Jan. 13 2011 10:23 AM
Jeremy from Harlem

And let's have it start at the top. There was a time when no matter how rancorous the debate on the hill, the individual senators and representatives were famous friends (barring an occasional Charles Sumner episode). Now, they refuse to cross the aisle even outside work. A concerted effort on our leaders part to exhibit the kind of amity that is missing in our current climate will go a long way toward starting a national conversation.

Jan. 13 2011 10:23 AM
S.Ladhatt from New York

You can never really understand American values, and how we are united if you never leave America. Why not try living abroad for a year or two. I have done so, and learned a great deal about my own country from members of my host country. The real enlightenment came after. I formed true appreciations and balanced criticisms only
when I returned to a new strange place I call home.

Jan. 13 2011 10:23 AM
Matt R from Brooklyn

There are two that jump to mind:
1) We care for our children and their safety. We want them to be prepared for the world (although what this preparation entails differs based on ideology).
2) We care about baseball and football. Everyone loves sports and can agree that they're awesome to watch and play.

Jan. 13 2011 10:22 AM
zazel loven from NY, NY

Where was the Arizona governor during the President's speech?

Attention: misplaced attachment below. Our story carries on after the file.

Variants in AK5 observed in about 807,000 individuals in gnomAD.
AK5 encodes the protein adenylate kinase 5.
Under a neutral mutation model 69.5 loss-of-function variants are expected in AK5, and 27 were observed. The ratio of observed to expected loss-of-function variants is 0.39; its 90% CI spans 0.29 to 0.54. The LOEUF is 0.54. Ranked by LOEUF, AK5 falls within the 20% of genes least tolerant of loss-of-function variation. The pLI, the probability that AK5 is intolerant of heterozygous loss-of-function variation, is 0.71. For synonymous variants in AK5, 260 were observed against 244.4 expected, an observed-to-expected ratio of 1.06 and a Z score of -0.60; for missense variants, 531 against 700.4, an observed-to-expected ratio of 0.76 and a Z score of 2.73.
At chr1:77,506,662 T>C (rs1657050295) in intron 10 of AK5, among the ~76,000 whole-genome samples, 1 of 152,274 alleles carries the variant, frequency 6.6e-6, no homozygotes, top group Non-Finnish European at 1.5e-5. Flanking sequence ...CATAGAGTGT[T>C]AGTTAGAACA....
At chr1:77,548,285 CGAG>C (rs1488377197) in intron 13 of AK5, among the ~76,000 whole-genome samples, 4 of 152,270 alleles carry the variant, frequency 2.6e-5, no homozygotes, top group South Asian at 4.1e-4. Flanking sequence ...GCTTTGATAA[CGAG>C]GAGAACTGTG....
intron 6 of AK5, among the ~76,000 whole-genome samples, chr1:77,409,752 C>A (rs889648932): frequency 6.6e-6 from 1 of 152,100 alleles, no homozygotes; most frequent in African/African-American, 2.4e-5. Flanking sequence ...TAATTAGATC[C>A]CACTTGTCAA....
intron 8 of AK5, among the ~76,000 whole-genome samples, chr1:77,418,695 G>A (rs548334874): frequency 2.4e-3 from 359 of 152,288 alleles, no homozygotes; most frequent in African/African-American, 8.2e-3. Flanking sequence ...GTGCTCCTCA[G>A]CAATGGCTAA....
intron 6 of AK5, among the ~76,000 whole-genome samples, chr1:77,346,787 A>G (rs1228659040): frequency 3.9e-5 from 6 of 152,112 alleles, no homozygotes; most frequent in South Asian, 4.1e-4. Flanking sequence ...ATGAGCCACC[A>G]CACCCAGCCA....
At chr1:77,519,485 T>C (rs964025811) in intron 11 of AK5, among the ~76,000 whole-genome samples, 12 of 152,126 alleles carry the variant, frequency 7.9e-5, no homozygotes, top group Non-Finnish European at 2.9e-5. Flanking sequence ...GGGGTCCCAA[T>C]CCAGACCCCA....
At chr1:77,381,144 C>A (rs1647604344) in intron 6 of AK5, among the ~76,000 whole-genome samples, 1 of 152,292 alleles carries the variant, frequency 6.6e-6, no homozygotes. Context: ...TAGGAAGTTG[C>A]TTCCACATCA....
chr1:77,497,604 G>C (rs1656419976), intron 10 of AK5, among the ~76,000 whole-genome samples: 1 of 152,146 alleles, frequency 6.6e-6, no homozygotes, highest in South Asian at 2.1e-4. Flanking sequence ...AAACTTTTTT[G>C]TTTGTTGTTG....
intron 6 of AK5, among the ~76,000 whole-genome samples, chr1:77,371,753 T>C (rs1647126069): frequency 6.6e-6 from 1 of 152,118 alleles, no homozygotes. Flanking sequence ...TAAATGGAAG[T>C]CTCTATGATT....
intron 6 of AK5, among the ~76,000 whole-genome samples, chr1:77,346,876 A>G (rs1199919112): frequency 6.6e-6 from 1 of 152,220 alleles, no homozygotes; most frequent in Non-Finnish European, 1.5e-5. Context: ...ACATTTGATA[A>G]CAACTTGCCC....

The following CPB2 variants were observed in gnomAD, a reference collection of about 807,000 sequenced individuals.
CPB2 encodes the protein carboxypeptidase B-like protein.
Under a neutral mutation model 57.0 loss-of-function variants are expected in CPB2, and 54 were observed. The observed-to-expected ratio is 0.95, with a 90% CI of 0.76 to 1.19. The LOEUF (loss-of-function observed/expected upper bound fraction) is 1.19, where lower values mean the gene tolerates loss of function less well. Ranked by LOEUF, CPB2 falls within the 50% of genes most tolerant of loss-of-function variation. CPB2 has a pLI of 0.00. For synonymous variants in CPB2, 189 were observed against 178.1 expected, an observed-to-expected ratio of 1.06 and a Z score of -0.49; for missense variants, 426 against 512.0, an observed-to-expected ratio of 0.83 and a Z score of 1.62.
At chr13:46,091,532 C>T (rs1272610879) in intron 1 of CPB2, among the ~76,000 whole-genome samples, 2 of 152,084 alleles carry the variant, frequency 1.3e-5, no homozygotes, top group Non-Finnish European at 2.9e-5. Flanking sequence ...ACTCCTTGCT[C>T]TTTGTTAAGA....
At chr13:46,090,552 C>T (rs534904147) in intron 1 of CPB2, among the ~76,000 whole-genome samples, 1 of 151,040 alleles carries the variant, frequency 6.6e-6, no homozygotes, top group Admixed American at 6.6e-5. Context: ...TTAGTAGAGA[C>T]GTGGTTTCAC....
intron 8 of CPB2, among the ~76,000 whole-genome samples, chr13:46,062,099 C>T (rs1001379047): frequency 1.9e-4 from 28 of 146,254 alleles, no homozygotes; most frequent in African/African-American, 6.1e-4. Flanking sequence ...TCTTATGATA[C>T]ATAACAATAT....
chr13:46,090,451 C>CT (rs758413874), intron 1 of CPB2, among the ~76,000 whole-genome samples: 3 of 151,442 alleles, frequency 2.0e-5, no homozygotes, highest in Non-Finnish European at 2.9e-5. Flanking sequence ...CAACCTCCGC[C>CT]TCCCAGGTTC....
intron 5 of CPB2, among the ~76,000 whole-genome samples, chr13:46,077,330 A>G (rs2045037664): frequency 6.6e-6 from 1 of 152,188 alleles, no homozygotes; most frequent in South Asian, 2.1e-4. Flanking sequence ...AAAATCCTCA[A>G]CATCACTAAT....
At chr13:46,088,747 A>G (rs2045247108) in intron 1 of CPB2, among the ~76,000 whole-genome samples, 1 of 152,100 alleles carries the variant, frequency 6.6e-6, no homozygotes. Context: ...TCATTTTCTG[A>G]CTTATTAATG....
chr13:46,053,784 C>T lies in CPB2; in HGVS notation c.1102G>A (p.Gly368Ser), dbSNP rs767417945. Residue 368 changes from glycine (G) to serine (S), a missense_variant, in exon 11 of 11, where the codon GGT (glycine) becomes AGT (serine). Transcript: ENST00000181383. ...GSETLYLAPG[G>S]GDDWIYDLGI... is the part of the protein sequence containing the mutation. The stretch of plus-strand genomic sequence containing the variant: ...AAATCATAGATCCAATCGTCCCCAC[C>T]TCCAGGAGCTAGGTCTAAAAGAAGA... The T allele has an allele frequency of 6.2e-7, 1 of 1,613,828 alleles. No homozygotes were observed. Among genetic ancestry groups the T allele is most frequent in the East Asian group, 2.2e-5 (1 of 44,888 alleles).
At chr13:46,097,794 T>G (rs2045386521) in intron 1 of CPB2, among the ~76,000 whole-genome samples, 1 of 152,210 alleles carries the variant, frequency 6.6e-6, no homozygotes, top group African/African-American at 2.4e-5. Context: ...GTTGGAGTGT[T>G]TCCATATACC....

Jan. 13 2011 10:22 AM
Jon Young from Staten Island

I'm sad as hell, and I'm not going to take it anymore.

Jan. 13 2011 10:21 AM
Mr. Bad from NYC

Everybody poops. Also, is easily taken in by warmed over pap and cheap political sentiments about "unity" for the umpteenth time ...

Jan. 13 2011 10:21 AM
Mr. Bad from NYC

Oh lawd, I'm so sick to death of that played out "preacher" cadence Obama uses in every speech he delivers - change it up, the novelty has worn off for chrissakes.

Jan. 13 2011 10:20 AM
We're united by Tragedy

We all suffer. We all grow old.
We all lose loved ones. We
all get hurt. We all bleed red.

Jan. 13 2011 10:19 AM
tom from astoria

It was a superb speech. A healing speech. I was curious how it would be covered by "the media", including ABC and THE TAKEAWAY." ABC Nightline was able to play only the weakest portions of the speech, and overshadow it with George W. Bush speeches around 9-11, and other speeches. They succeeeded in diminishing Obama's speech. THETAKEAWAY also diminished the speech with their coverage. Unfortunately, the partisan ship continuews.

Jan. 13 2011 10:16 AM
bernie from bklyn

sometimes finger pointing IS necessary. just as we don't have all the facts in this incident to point towards the moronic rhetoric of people like palin,angle etc, we also don't have the facts that prove that this guy WASN'T influenced and guided by this.
to just write this off as some random crazy guy w/ a gun is not prudent, in my opinion. crazy people are the ones who ARE influenced by dangerous speech, normal people can decipher but the insane can't.
but what we should all do, is to not necessarily finger point but IGNORE. ignore those that spew this garbage. msnbc,cnn,fox step up and be americans first.

Jan. 13 2011 10:15 AM
Xtina from E. Village

What Unites Us?


People are suffering in this country like not since the Depression. There is great hardship and misery out there, unemployment homelessness lack of health care foreclosures, etc etc. While Wall St bankers and CEO's have more than they could ever use There is a breaking point and we are starting to hit it.

Telling us to calm down and be civil to each other while we're dying, metaphorically and literally, isn't helpful.

Jan. 13 2011 10:10 AM
Martin Chuzzlewit from Manhattan

Give credit to Axelrod for a clever start to the 2012 campaign with Obama's first big raucous, cheering campaign gig disguised as a "memorial service".

Jan. 13 2011 10:09 AM